Letter to the Editor:The economics department is diverse enough

In response to “Where do Austrian economics fit in a Jesuit education?” from the Sept. 30 issue o

Dear editor,

Allow me to introduce myself. I am twice an alumnus of Loyola, A ’06 and MBA ’08. I effectively completed both an economics and a business minor during my undergraduate enrollment in preparation for my enrollment in the MBA degree. Upon completion of that degree in 2008 I was awarded both the top College of Business honor, the G. Ralph Smith Award for Outstanding Graduate Student, and the top University honor, the Ignatian Award for Outstanding Graduate Student. The Ignatian Award is given annually to three students who, among other things, display “high regard for Ignatian, Jesuit values and contributions to the advancement of religion and citizenship.”

So much for my qualifications; allow me now to comment from this position.

In my six years and nearly 60 courses taken as a student at Loyola, the only courses I ever took that broached the subjects of the nature and causes of social inequality, the means for true assistance rather than mere acknowledgement of the oppressed, and the relationship of God and religion to the everyday world of our daily work as soldiers and servants of Christ were courses on international macroeconomic policy and the free market process, taught by William Barnett of the economics department.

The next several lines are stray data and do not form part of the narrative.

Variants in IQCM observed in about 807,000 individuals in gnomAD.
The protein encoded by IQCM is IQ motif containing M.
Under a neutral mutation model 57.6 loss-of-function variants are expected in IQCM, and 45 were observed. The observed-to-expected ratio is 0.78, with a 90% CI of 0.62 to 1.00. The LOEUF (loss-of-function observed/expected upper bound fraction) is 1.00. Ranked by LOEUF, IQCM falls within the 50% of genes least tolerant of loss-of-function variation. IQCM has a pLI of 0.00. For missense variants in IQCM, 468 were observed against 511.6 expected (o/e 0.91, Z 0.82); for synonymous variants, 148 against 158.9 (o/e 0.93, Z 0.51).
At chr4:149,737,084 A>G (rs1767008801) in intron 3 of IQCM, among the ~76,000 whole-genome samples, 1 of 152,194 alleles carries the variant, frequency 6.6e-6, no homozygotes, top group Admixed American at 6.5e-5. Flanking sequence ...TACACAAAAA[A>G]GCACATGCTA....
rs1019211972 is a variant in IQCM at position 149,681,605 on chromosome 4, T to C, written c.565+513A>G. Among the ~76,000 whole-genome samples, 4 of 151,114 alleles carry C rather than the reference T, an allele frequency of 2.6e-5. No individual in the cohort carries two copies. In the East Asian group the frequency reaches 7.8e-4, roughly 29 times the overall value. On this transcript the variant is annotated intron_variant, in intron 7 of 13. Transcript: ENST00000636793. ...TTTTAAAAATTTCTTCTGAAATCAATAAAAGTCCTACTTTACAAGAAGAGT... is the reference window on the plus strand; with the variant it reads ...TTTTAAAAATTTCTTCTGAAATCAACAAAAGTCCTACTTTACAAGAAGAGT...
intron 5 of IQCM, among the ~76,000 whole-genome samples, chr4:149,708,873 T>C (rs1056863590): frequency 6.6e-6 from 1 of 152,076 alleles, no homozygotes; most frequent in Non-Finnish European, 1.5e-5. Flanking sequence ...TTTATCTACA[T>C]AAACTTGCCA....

In these classes I learned the characteristics of not just Austrian economics, but also Classical, Keynesian, Neoclassical, Post-Keynesian, Supply Side and Monetarist theories. I have no better nor clearer memory of what “magis,” “cura personalis,” or “ad majorem Dei gloriam” mean to the education of a student in the Jesuit tradition than my experience in these courses. As a student at this university, I experienced the ridicule of my religious beliefs (I am a staunch Calvinist), professors who didn’t even care to learn my name (it’s not “Nick”), and a general lack of rigor (evidenced by the overabundance of courses in which I earned an A), but the silver lining was the intensity, magnanimity and diversity that characterizes the programs of study in, courses offered by and faculty of the economics department.

I am a better and a more well-rounded person because of that economics education.

It seems a shame to limit the extent to which Loyola can help others become the same.


Nate Straight

College of Business Assessment Coordinator